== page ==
Reimagining Jewish pilgrimage

There is a passage in Gideon Lewis-Kraus’ new memoir, “A Sense of Direction,” that will make any secularist smile. Having arrived with his brother and their gay father, a Reform rabbi, in Uman, Ukraine, for the Rosh Hashanah festivities at the grave of the Hasidic master Nachman of Bratslav, Lewis-Kraus’ first instinct is rebellion. On the afternoon before the festival begins, when the pious crowd of thousands of revelers is entering the peak of spiritual ecstasy, father and sons sneak out of the barricaded pilgrims’ zone Lewis-Kraus refers to as the “ghetto,” and steal into a local grocery for a non-kosher salami. Under the scornful gaze of a few passing Hasidim, the three huddle together on a park bench, defiantly munching their treyf lunches. Take that, Hasidim!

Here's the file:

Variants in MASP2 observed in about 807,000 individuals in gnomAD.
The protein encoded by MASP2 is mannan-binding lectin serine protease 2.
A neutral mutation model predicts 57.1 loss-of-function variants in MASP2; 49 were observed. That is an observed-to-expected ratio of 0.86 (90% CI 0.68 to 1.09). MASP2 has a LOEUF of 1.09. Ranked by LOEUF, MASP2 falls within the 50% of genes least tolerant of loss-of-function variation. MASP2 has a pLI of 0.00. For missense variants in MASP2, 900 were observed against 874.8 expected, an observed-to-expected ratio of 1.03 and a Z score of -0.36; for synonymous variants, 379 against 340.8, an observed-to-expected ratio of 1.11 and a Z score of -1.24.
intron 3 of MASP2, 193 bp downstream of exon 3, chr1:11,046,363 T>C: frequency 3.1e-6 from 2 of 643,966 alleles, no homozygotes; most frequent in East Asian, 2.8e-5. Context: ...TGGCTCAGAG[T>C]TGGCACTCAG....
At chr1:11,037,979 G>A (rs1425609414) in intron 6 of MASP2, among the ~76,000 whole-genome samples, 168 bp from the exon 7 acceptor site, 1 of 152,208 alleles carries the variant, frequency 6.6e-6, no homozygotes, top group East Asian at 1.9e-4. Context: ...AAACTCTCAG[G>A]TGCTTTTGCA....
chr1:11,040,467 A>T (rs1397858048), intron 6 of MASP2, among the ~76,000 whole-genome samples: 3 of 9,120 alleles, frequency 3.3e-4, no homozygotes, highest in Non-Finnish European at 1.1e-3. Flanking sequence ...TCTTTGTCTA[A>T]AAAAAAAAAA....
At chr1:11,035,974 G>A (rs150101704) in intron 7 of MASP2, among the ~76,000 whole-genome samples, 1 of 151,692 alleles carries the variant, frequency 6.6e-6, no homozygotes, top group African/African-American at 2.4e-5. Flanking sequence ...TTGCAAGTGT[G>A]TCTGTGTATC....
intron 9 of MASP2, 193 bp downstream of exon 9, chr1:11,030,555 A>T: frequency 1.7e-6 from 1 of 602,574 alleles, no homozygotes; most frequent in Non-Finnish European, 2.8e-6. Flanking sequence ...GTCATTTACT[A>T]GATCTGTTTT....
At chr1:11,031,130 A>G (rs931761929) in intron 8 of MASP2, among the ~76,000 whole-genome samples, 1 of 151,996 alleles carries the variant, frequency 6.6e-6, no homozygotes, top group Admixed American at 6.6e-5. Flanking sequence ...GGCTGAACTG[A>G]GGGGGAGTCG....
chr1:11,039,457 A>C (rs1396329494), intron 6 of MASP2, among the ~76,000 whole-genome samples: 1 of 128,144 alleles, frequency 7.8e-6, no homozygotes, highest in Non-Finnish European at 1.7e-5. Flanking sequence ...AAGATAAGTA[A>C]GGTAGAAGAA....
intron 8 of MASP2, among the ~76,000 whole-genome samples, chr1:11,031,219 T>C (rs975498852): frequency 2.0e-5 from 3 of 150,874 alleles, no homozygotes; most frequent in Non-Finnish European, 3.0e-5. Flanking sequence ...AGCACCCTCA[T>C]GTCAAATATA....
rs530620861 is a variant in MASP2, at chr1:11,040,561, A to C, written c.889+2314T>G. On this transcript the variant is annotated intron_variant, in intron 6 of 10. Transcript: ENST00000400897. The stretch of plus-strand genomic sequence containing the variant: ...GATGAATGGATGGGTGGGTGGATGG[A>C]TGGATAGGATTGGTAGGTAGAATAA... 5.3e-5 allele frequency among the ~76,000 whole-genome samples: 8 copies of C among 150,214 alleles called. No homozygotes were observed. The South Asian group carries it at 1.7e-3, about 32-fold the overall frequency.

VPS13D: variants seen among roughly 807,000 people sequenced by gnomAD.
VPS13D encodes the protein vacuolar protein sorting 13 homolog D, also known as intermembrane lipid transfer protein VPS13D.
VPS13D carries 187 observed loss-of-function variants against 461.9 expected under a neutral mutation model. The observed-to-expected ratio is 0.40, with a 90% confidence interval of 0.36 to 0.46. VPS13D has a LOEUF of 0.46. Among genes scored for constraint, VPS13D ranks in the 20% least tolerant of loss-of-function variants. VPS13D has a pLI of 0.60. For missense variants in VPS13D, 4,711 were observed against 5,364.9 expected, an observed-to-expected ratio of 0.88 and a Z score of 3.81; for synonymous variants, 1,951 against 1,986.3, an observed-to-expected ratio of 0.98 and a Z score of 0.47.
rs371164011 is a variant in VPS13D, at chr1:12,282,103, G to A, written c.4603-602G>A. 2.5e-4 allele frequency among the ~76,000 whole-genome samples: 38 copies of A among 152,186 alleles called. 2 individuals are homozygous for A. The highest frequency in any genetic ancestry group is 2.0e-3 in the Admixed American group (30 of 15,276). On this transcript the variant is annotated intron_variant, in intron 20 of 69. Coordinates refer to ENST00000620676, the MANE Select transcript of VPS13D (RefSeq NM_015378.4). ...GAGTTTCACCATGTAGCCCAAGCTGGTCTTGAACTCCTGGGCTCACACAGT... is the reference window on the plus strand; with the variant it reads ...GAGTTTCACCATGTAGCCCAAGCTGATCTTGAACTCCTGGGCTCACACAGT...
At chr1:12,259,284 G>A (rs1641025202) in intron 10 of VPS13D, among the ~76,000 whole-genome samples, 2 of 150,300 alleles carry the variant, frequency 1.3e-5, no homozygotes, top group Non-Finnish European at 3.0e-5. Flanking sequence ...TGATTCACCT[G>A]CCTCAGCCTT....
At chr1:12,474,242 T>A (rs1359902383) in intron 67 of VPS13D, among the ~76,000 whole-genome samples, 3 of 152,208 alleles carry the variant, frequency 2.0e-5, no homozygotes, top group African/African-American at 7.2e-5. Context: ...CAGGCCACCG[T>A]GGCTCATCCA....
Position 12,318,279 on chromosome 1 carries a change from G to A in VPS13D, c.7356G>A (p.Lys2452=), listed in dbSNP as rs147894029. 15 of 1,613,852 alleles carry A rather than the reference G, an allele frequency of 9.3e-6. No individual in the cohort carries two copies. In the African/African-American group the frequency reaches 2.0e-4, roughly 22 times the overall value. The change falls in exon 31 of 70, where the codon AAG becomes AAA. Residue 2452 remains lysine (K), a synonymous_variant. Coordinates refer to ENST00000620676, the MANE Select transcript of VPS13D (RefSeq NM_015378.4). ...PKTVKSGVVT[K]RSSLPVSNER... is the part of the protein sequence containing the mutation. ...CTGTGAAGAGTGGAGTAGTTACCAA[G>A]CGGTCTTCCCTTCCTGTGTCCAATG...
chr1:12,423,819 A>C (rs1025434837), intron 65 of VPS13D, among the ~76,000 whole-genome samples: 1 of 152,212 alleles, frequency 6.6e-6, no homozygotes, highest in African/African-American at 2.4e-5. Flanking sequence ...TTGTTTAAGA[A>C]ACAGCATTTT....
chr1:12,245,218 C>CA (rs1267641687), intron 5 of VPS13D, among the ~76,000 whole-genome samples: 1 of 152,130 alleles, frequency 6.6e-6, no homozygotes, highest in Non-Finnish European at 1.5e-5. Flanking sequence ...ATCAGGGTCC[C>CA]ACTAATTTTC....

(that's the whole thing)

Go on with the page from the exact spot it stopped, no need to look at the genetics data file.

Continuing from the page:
Lewis-Kraus describes his family’s secular wagon-circling with wit and humor, but it seems strangely inconsistent with his attitude toward pilgrimage in the rest of the book. Uman, “the Jewish Woodstock,” as one of the participants calls it, is the third and final pilgrimage Lewis-Kraus, a regular contributor to Harper’s and other publications, undertakes in the book. During both of the first two journeys, along the Camino de Santiago de Compostela in Spain and the 88-temple circuit on the Japanese island of Shikoku, from the very first footfall, the author takes on wholeheartedly the identity and mantle of the pilgrim; he is participant as much as observer.

Read the whole review of “A Sense of Direction” from 2012 in Haaretz.